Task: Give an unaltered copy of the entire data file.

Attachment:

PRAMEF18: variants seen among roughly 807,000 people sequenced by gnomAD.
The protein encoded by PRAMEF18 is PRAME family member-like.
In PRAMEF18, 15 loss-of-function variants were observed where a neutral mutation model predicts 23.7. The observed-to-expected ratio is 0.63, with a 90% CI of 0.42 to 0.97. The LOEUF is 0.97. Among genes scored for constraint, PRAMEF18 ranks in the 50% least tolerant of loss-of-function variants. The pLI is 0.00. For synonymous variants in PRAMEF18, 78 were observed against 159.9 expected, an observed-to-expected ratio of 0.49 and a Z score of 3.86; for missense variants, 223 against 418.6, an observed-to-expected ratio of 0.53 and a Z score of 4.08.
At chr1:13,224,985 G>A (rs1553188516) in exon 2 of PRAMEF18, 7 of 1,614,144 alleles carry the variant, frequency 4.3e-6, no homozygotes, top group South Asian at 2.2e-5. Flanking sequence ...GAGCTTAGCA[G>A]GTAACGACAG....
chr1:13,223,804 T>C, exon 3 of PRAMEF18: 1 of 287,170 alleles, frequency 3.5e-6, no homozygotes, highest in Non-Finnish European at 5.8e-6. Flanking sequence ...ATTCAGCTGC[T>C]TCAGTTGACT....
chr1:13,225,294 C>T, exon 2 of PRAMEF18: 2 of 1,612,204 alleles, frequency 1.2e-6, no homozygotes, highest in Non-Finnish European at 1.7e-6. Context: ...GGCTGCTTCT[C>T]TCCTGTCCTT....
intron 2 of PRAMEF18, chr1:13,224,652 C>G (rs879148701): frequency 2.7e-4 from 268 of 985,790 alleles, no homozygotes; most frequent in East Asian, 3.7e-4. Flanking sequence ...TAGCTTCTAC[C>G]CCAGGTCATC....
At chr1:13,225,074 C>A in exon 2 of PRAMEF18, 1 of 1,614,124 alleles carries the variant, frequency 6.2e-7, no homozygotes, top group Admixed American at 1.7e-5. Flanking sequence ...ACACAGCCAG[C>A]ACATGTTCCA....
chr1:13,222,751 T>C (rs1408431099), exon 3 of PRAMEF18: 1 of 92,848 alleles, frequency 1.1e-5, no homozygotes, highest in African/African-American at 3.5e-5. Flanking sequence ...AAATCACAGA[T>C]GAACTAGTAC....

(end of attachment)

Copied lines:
PRAMEF18: variants seen among roughly 807,000 people sequenced by gnomAD.
The protein encoded by PRAMEF18 is PRAME family member-like.
In PRAMEF18, 15 loss-of-function variants were observed where a neutral mutation model predicts 23.7. The observed-to-expected ratio is 0.63, with a 90% CI of 0.42 to 0.97. The LOEUF is 0.97. Among genes scored for constraint, PRAMEF18 ranks in the 50% least tolerant of loss-of-function variants. The pLI is 0.00. For synonymous variants in PRAMEF18, 78 were observed against 159.9 expected, an observed-to-expected ratio of 0.49 and a Z score of 3.86; for missense variants, 223 against 418.6, an observed-to-expected ratio of 0.53 and a Z score of 4.08.
At chr1:13,224,985 G>A (rs1553188516) in exon 2 of PRAMEF18, 7 of 1,614,144 alleles carry the variant, frequency 4.3e-6, no homozygotes, top group South Asian at 2.2e-5. Flanking sequence ...GAGCTTAGCA[G>A]GTAACGACAG....
chr1:13,223,804 T>C, exon 3 of PRAMEF18: 1 of 287,170 alleles, frequency 3.5e-6, no homozygotes, highest in Non-Finnish European at 5.8e-6. Flanking sequence ...ATTCAGCTGC[T>C]TCAGTTGACT....
chr1:13,225,294 C>T, exon 2 of PRAMEF18: 2 of 1,612,204 alleles, frequency 1.2e-6, no homozygotes, highest in Non-Finnish European at 1.7e-6. Context: ...GGCTGCTTCT[C>T]TCCTGTCCTT....
intron 2 of PRAMEF18, chr1:13,224,652 C>G (rs879148701): frequency 2.7e-4 from 268 of 985,790 alleles, no homozygotes; most frequent in East Asian, 3.7e-4. Flanking sequence ...TAGCTTCTAC[C>G]CCAGGTCATC....
At chr1:13,225,074 C>A in exon 2 of PRAMEF18, 1 of 1,614,124 alleles carries the variant, frequency 6.2e-7, no homozygotes, top group Admixed American at 1.7e-5. Flanking sequence ...ACACAGCCAG[C>A]ACATGTTCCA....
chr1:13,222,751 T>C (rs1408431099), exon 3 of PRAMEF18: 1 of 92,848 alleles, frequency 1.1e-5, no homozygotes, highest in African/African-American at 3.5e-5. Flanking sequence ...AAATCACAGA[T>C]GAACTAGTAC....